B. Our various languages can describe or relate to the world around us correctly—at least once we build up a system of concepts sophisticated enough to describe complex phenomena accurately. There are many views on how this can happen, but here is just one: C17 authors such as Bacon and Locke said that words are the signs of ideas, and ideas are the signs of things; they would actually agree somewhat with the modern-day structuralists at least in saying that words and things are not directly or naturally linked together. (Locke was a linguistic nominalist, that is.) The Lockean view makes language rather dangerous in that if we aren’t careful, words might lead us away from the truth about things themselves; overreliance on them and on relations between them might obscure the world’s clarity and distinct diversity. Still, there seems to be an equally powerful insistence that we can strip away layers of error from languages and make them more accurately correspond to our ideas, and thus, indirectly, to things. Bacon in particular denounces the many “idols” of thinking (and language) to which fallen humanity is prone, and at times wishes language would just get out of the way so we can study our natural environment in a scientific, inductive way.

C. Language is linked to our consciousness, our intentions, our meanings. Man, both individually and collectively, is a meaning-making animal: we use language in tool-like fashion as free-acting individuals, building up a social environment around us or shaping it around the words given us by God. For example, Aristotle sees language as linked to our mental states; they are symptomatic of a state of consciousness. (Expressive theory might profitably be considered the obverse, not the absolute opponent, of this general view: it isn’t clear that there are distinct, anterior states of mind or spirit that can then be reliably “expressed” and made available to common understanding. It would be fair to suggest that especially in the realm of emotion there are “things going on inside our heads” before language comes into play, but we can’t do much with such goings-on until language comes into play.)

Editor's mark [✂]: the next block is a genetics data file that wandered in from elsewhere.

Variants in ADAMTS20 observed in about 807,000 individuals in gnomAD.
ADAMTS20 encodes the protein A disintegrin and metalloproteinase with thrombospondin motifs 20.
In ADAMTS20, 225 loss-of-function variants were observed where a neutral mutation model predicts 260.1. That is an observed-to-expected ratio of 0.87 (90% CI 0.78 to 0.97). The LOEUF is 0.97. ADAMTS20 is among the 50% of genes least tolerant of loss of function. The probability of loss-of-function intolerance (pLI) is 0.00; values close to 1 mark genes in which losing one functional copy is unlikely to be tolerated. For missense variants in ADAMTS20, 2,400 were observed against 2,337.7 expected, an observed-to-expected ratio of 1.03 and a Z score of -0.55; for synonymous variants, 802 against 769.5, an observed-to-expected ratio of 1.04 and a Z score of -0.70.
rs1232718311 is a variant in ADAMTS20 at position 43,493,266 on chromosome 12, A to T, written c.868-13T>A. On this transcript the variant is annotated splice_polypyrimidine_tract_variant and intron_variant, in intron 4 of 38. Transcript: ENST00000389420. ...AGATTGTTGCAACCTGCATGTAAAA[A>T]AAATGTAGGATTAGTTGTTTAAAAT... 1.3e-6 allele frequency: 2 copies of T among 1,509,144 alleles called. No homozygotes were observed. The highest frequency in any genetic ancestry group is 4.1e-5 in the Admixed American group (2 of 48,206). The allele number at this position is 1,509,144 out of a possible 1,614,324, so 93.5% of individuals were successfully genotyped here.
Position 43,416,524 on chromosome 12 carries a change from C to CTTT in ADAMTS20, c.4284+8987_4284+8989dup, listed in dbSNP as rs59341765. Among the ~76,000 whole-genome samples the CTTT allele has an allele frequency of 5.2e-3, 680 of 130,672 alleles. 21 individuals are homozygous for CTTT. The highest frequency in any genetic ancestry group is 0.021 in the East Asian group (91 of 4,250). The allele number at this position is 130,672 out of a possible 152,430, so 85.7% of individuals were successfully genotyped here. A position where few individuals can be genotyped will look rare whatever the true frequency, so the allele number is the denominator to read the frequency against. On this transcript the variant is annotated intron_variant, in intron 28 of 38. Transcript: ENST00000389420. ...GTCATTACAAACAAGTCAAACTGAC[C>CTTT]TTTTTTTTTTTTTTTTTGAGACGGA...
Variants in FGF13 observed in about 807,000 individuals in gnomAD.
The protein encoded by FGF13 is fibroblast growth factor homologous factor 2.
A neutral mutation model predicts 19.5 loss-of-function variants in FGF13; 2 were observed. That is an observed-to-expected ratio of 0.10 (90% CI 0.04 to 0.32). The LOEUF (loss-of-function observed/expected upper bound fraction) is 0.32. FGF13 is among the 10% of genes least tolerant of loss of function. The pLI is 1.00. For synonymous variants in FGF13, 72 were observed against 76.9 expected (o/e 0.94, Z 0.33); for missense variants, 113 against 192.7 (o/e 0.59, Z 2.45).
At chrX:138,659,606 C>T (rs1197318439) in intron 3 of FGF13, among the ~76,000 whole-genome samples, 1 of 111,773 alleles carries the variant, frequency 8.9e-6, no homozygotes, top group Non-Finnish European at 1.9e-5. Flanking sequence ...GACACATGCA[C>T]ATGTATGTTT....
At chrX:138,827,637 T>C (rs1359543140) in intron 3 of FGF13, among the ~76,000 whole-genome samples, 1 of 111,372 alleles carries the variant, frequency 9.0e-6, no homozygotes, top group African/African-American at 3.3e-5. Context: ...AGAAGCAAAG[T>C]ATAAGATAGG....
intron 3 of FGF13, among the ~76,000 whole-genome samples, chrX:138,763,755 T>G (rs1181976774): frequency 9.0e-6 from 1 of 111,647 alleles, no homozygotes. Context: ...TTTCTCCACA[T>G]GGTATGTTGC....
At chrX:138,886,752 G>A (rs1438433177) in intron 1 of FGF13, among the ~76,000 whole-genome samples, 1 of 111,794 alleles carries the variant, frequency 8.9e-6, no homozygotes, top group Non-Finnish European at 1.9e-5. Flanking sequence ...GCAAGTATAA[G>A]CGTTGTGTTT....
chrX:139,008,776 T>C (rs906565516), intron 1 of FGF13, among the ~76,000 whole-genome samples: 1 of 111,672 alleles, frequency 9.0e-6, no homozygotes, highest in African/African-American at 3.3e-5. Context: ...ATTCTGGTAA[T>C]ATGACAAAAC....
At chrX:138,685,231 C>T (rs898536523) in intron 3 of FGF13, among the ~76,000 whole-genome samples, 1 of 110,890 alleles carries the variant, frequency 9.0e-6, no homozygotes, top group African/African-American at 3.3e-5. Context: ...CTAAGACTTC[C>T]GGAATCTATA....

It may be worth remarking here that such theories always insist upon the primacy of the spoken word over the written—that’s because the written word is seen as merely a derivative or even “bad” copy of the spoken word. The farther we go from our speech, the notion goes, the farther we move from truth, self-presence, and full consciousness of our authentic being. After all, as Plato points out in the Phaedrus, you don’t even need to be present for what you have written to be read, and it can be read in the most promiscuous ways. In one form or another, we can find this idea in Plato, Aristotle, Bacon, Locke, and (according to Derrida and other deconstructive theorists) any other western philosopher you’d care to mention. Consciousness and the spoken word are jointly king; writing is a potentially harmful parasite feeding upon that sovereign’s legitimate authority.

3) Back to the basic claims of structuralism. With what does it replace humanistic principles?